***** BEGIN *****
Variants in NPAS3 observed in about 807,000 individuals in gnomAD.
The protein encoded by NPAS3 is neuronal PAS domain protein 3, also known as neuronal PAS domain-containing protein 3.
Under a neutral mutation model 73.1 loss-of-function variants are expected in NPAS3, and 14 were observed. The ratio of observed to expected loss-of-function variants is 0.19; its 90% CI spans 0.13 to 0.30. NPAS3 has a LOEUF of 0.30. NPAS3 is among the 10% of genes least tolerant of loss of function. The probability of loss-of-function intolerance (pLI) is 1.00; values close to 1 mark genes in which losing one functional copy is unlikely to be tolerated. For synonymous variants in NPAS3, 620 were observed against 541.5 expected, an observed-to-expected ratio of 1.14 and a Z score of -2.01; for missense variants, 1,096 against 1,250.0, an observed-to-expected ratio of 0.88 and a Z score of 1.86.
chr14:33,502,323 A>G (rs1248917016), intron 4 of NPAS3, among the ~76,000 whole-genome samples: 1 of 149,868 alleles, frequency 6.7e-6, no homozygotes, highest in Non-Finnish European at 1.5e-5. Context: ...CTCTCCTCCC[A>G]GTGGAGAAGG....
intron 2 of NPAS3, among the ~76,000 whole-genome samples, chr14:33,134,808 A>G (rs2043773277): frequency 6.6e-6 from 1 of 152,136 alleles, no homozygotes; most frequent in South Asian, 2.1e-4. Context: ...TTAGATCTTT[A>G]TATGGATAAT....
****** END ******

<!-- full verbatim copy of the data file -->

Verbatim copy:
Variants in NPAS3 observed in about 807,000 individuals in gnomAD.
The protein encoded by NPAS3 is neuronal PAS domain protein 3, also known as neuronal PAS domain-containing protein 3.
Under a neutral mutation model 73.1 loss-of-function variants are expected in NPAS3, and 14 were observed. The ratio of observed to expected loss-of-function variants is 0.19; its 90% CI spans 0.13 to 0.30. NPAS3 has a LOEUF of 0.30. NPAS3 is among the 10% of genes least tolerant of loss of function. The probability of loss-of-function intolerance (pLI) is 1.00; values close to 1 mark genes in which losing one functional copy is unlikely to be tolerated. For synonymous variants in NPAS3, 620 were observed against 541.5 expected, an observed-to-expected ratio of 1.14 and a Z score of -2.01; for missense variants, 1,096 against 1,250.0, an observed-to-expected ratio of 0.88 and a Z score of 1.86.
chr14:33,502,323 A>G (rs1248917016), intron 4 of NPAS3, among the ~76,000 whole-genome samples: 1 of 149,868 alleles, frequency 6.7e-6, no homozygotes, highest in Non-Finnish European at 1.5e-5. Context: ...CTCTCCTCCC[A>G]GTGGAGAAGG....
intron 2 of NPAS3, among the ~76,000 whole-genome samples, chr14:33,134,808 A>G (rs2043773277): frequency 6.6e-6 from 1 of 152,136 alleles, no homozygotes; most frequent in South Asian, 2.1e-4. Context: ...TTAGATCTTT[A>G]TATGGATAAT....